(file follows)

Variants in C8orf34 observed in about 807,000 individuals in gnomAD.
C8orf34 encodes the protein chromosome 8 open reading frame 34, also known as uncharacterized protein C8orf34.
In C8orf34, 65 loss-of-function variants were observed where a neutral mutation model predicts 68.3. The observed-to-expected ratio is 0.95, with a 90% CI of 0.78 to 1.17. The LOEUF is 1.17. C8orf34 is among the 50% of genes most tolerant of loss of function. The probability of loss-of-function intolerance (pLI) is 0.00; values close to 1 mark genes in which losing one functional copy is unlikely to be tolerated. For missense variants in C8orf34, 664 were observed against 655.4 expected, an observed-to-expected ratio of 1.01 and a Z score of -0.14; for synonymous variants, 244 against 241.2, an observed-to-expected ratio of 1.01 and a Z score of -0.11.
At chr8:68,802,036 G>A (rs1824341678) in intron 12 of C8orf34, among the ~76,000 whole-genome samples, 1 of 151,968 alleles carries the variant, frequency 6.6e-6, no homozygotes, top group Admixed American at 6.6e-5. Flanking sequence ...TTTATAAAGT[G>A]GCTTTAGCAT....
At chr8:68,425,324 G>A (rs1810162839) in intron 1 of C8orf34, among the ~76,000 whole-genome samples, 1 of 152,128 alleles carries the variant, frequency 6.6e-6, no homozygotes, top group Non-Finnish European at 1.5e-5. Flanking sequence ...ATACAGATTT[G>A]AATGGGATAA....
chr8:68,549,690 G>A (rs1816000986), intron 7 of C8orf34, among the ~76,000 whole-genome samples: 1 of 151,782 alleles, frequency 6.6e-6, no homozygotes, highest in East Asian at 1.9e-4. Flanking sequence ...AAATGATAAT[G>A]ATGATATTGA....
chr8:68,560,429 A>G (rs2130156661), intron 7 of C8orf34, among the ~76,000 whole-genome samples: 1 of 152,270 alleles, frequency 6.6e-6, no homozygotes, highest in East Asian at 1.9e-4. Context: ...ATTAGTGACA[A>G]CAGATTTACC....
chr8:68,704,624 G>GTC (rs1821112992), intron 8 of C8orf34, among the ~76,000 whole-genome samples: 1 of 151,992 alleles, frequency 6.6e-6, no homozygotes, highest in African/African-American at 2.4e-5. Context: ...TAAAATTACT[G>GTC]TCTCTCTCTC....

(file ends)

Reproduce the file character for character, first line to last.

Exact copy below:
Variants in C8orf34 observed in about 807,000 individuals in gnomAD.
C8orf34 encodes the protein chromosome 8 open reading frame 34, also known as uncharacterized protein C8orf34.
In C8orf34, 65 loss-of-function variants were observed where a neutral mutation model predicts 68.3. The observed-to-expected ratio is 0.95, with a 90% CI of 0.78 to 1.17. The LOEUF is 1.17. C8orf34 is among the 50% of genes most tolerant of loss of function. The probability of loss-of-function intolerance (pLI) is 0.00; values close to 1 mark genes in which losing one functional copy is unlikely to be tolerated. For missense variants in C8orf34, 664 were observed against 655.4 expected, an observed-to-expected ratio of 1.01 and a Z score of -0.14; for synonymous variants, 244 against 241.2, an observed-to-expected ratio of 1.01 and a Z score of -0.11.
At chr8:68,802,036 G>A (rs1824341678) in intron 12 of C8orf34, among the ~76,000 whole-genome samples, 1 of 151,968 alleles carries the variant, frequency 6.6e-6, no homozygotes, top group Admixed American at 6.6e-5. Flanking sequence ...TTTATAAAGT[G>A]GCTTTAGCAT....
At chr8:68,425,324 G>A (rs1810162839) in intron 1 of C8orf34, among the ~76,000 whole-genome samples, 1 of 152,128 alleles carries the variant, frequency 6.6e-6, no homozygotes, top group Non-Finnish European at 1.5e-5. Flanking sequence ...ATACAGATTT[G>A]AATGGGATAA....
chr8:68,549,690 G>A (rs1816000986), intron 7 of C8orf34, among the ~76,000 whole-genome samples: 1 of 151,782 alleles, frequency 6.6e-6, no homozygotes, highest in East Asian at 1.9e-4. Flanking sequence ...AAATGATAAT[G>A]ATGATATTGA....
chr8:68,560,429 A>G (rs2130156661), intron 7 of C8orf34, among the ~76,000 whole-genome samples: 1 of 152,270 alleles, frequency 6.6e-6, no homozygotes, highest in East Asian at 1.9e-4. Context: ...ATTAGTGACA[A>G]CAGATTTACC....
chr8:68,704,624 G>GTC (rs1821112992), intron 8 of C8orf34, among the ~76,000 whole-genome samples: 1 of 151,992 alleles, frequency 6.6e-6, no homozygotes, highest in African/African-American at 2.4e-5. Context: ...TAAAATTACT[G>GTC]TCTCTCTCTC....